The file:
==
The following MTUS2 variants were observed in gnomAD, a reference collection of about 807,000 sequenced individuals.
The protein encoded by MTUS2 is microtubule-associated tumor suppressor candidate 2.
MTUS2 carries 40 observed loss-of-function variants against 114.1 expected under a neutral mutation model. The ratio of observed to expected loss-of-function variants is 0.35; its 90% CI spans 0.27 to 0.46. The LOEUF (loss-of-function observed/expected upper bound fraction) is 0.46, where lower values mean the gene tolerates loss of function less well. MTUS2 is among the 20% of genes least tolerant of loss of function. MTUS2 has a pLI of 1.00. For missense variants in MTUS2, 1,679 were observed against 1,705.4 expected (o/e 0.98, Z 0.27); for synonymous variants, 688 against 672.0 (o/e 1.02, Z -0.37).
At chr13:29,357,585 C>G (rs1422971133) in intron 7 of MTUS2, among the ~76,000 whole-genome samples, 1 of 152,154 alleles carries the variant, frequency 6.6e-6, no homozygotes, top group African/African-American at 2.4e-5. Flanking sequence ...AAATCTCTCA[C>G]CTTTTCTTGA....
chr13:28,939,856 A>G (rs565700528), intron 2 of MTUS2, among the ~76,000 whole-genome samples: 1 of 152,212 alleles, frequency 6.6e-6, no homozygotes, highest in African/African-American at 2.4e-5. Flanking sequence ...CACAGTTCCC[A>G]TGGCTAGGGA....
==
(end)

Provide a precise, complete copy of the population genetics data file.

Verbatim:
The following MTUS2 variants were observed in gnomAD, a reference collection of about 807,000 sequenced individuals.
The protein encoded by MTUS2 is microtubule-associated tumor suppressor candidate 2.
MTUS2 carries 40 observed loss-of-function variants against 114.1 expected under a neutral mutation model. The ratio of observed to expected loss-of-function variants is 0.35; its 90% CI spans 0.27 to 0.46. The LOEUF (loss-of-function observed/expected upper bound fraction) is 0.46, where lower values mean the gene tolerates loss of function less well. MTUS2 is among the 20% of genes least tolerant of loss of function. MTUS2 has a pLI of 1.00. For missense variants in MTUS2, 1,679 were observed against 1,705.4 expected (o/e 0.98, Z 0.27); for synonymous variants, 688 against 672.0 (o/e 1.02, Z -0.37).
At chr13:29,357,585 C>G (rs1422971133) in intron 7 of MTUS2, among the ~76,000 whole-genome samples, 1 of 152,154 alleles carries the variant, frequency 6.6e-6, no homozygotes, top group African/African-American at 2.4e-5. Flanking sequence ...AAATCTCTCA[C>G]CTTTTCTTGA....
chr13:28,939,856 A>G (rs565700528), intron 2 of MTUS2, among the ~76,000 whole-genome samples: 1 of 152,212 alleles, frequency 6.6e-6, no homozygotes, highest in African/African-American at 2.4e-5. Flanking sequence ...CACAGTTCCC[A>G]TGGCTAGGGA....